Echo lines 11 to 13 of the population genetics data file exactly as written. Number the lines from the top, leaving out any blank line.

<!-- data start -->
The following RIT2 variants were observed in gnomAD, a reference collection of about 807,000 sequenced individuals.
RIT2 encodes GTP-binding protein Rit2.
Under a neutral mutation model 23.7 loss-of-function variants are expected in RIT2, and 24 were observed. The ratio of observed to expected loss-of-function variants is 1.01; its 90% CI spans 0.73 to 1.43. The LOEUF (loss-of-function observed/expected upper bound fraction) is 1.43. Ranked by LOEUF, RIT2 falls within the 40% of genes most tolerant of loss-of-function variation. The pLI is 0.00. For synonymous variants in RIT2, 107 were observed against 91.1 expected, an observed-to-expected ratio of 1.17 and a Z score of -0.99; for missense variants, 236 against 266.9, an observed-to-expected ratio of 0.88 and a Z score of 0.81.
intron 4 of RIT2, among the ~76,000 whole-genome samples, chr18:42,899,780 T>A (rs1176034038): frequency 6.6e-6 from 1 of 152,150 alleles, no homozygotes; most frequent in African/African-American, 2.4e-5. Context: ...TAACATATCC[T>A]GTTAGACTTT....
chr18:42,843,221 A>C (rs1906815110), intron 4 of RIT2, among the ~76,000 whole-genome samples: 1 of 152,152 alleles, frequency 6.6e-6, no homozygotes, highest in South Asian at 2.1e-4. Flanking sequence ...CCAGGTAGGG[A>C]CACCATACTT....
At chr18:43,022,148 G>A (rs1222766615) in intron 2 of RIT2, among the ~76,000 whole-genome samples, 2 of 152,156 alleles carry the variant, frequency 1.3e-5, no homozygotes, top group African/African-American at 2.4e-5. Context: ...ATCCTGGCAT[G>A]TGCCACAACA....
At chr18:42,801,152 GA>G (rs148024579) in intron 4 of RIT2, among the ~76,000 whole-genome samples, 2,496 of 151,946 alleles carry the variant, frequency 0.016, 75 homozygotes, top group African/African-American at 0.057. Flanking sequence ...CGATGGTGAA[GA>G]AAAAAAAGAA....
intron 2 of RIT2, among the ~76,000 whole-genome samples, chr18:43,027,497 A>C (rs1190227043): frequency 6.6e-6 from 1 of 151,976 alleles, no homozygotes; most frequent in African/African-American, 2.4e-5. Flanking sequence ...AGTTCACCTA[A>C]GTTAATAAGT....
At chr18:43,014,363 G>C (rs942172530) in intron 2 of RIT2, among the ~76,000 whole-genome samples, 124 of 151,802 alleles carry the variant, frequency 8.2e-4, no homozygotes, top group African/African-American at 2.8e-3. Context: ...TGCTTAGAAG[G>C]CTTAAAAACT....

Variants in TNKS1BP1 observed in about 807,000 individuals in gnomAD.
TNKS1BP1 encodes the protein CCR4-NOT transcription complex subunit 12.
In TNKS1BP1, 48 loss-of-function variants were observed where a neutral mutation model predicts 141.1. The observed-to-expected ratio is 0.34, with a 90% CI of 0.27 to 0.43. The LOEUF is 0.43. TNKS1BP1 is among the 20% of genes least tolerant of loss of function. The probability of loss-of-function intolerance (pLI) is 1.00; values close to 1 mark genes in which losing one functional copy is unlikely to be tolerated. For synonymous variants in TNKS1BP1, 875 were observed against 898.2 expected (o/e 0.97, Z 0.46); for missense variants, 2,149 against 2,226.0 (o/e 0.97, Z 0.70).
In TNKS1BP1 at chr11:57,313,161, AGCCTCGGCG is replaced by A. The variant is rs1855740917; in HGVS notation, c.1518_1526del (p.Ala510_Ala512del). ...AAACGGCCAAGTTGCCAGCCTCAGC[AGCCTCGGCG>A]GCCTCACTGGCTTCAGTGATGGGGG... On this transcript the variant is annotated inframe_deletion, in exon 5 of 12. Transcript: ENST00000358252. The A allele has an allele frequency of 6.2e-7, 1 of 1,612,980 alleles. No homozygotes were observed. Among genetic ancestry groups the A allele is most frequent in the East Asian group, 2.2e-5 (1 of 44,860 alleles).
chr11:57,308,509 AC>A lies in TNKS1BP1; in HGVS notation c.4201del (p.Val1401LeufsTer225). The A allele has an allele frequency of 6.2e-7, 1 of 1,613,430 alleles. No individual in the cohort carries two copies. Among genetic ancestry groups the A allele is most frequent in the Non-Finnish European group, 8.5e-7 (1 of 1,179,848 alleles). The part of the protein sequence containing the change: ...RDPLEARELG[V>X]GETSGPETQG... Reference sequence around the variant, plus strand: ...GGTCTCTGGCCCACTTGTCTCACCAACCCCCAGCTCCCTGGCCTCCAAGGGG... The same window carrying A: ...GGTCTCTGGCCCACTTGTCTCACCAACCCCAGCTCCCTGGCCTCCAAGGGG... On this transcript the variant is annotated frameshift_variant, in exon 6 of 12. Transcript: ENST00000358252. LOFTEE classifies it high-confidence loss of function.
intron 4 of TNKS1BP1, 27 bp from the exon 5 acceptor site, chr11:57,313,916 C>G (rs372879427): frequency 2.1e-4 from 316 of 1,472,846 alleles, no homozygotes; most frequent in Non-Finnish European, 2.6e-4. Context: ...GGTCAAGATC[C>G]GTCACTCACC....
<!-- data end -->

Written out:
TNKS1BP1 encodes the protein CCR4-NOT transcription complex subunit 12.
In TNKS1BP1, 48 loss-of-function variants were observed where a neutral mutation model predicts 141.1. The observed-to-expected ratio is 0.34, with a 90% CI of 0.27 to 0.43. The LOEUF is 0.43. TNKS1BP1 is among the 20% of genes least tolerant of loss of function. The probability of loss-of-function intolerance (pLI) is 1.00; values close to 1 mark genes in which losing one functional copy is unlikely to be tolerated. For synonymous variants in TNKS1BP1, 875 were observed against 898.2 expected (o/e 0.97, Z 0.46); for missense variants, 2,149 against 2,226.0 (o/e 0.97, Z 0.70).
In TNKS1BP1 at chr11:57,313,161, AGCCTCGGCG is replaced by A. The variant is rs1855740917; in HGVS notation, c.1518_1526del (p.Ala510_Ala512del). ...AAACGGCCAAGTTGCCAGCCTCAGC[AGCCTCGGCG>A]GCCTCACTGGCTTCAGTGATGGGGG... On this transcript the variant is annotated inframe_deletion, in exon 5 of 12. Transcript: ENST00000358252. The A allele has an allele frequency of 6.2e-7, 1 of 1,612,980 alleles. No homozygotes were observed. Among genetic ancestry groups the A allele is most frequent in the East Asian group, 2.2e-5 (1 of 44,860 alleles).